Fazel Hawramy writes: Almost unnoticed last week, as attention focused on battles in Damascus, Kurdish activists in north-eastern Syria started taking over control of a few towns without encountering much resistance from the Assad regime’s security forces.
It was a significant development, as Syria’s Kurds number about 2 million people and could potentially tilt the balance of power towards the opposition.
President Masoud Barzani of the Kurdistan regional government (KRG) in northern Iraq, who is a fierce opponent of the Assad regime, is credited with bringing together the main Kurdish opposition groups from Syria to form a united front.
A few days before last week’s attack that killed four of Assad’s top aides in Damascus, the main Syrian Kurdish groups – the Kurdish National Councils (KNC) and the Democratic Union party (PYD) – signed an important agreement in Erbil to set up a Supreme Kurdish Council to co-ordinate their efforts.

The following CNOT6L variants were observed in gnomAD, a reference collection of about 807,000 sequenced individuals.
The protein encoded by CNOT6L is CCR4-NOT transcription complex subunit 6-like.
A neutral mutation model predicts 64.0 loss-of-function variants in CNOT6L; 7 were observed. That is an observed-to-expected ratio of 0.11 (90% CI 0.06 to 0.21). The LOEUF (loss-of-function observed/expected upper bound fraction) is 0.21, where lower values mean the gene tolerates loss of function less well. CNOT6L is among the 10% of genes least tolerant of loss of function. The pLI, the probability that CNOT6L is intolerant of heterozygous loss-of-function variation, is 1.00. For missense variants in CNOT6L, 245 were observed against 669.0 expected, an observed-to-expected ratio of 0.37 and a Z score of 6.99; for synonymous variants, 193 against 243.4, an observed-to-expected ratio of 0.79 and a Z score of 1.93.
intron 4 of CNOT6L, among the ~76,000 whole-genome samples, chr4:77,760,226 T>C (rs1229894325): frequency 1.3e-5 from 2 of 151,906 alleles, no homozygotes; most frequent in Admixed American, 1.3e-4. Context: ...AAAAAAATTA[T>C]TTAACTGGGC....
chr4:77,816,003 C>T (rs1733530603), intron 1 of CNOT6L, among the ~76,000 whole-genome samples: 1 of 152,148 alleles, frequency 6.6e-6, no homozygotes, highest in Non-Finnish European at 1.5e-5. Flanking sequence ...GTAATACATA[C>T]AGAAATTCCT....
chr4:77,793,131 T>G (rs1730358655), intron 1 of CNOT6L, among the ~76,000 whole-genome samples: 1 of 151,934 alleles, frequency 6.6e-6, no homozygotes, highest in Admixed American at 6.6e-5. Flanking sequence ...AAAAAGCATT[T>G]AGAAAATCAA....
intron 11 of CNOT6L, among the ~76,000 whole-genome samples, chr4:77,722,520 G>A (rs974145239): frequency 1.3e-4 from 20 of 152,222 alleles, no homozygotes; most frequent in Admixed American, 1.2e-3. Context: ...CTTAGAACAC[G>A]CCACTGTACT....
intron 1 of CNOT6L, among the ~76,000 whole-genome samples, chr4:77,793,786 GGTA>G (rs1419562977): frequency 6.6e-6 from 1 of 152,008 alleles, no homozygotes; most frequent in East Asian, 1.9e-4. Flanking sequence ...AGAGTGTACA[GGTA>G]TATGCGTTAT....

They agreed to form a popular defence force consisting mainly of Kurdish Syrian soldiers who have defected to Iraqi Kurdistan since the uprising began in March last year. These soldiers are being retrained in military camps funded by the oil-rich KRG and are preparing to enter the Kurdish areas in Syria to defend towns such as Kobani (Ayn al-Arab) that are in the hands of the Kurdish activists.
President Barzani is also developing close political and commercial ties with Turkish prime minister Recep Tayyip Erdogan, who has considerable influence over the Syrian National Council (SNC). It seems almost inevitable that in the near future the SNC and the Kurdish opposition groups will co-ordinate their efforts to accelerate the downfall of the Assad regime. [Continue reading…]